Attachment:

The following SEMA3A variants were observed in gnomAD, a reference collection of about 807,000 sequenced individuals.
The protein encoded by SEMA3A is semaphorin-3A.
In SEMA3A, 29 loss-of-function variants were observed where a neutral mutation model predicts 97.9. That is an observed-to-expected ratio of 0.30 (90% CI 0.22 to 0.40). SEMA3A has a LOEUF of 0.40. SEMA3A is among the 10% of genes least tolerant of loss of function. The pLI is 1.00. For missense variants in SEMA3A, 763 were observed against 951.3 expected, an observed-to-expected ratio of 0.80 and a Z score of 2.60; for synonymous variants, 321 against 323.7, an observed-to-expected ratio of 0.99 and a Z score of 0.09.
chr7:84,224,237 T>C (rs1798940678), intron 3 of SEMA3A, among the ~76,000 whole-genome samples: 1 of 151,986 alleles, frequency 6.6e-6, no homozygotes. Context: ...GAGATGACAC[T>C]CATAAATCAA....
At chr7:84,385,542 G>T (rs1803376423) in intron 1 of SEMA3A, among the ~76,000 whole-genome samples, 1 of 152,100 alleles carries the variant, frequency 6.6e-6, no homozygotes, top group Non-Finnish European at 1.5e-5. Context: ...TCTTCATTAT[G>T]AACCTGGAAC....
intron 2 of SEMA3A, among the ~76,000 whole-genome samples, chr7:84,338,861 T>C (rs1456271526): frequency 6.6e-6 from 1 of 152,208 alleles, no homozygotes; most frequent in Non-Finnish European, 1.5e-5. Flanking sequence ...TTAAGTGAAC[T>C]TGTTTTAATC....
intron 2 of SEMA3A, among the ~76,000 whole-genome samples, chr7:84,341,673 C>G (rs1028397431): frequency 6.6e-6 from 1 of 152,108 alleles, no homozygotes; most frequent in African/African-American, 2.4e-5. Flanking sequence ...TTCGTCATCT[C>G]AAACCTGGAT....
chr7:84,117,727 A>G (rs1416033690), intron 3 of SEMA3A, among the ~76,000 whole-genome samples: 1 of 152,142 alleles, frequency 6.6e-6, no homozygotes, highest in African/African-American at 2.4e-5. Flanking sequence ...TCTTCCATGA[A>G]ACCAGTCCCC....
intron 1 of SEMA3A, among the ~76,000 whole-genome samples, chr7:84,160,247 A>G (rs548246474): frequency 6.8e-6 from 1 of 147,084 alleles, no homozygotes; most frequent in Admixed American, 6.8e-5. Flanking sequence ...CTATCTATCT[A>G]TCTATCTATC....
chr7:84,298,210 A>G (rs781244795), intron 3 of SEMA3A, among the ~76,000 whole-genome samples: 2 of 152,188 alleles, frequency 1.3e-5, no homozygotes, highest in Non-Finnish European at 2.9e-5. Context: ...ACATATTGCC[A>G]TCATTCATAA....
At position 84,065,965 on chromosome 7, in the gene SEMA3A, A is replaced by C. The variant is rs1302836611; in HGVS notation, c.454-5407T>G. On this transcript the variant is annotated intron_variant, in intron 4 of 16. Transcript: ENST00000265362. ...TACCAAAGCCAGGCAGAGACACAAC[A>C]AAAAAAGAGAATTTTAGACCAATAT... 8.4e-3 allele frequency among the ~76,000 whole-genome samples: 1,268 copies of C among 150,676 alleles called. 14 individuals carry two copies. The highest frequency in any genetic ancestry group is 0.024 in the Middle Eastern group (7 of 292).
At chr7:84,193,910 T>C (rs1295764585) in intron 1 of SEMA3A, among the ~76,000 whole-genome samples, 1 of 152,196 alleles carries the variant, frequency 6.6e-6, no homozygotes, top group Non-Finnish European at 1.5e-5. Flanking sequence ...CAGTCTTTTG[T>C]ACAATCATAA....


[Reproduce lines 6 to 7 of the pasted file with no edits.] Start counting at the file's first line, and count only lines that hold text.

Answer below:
intron 2 of SEMA3A, among the ~76,000 whole-genome samples, chr7:84,338,861 T>C (rs1456271526): frequency 6.6e-6 from 1 of 152,208 alleles, no homozygotes; most frequent in Non-Finnish European, 1.5e-5. Flanking sequence ...TTAAGTGAAC[T>C]TGTTTTAATC....
intron 2 of SEMA3A, among the ~76,000 whole-genome samples, chr7:84,341,673 C>G (rs1028397431): frequency 6.6e-6 from 1 of 152,108 alleles, no homozygotes; most frequent in African/African-American, 2.4e-5. Flanking sequence ...TTCGTCATCT[C>G]AAACCTGGAT....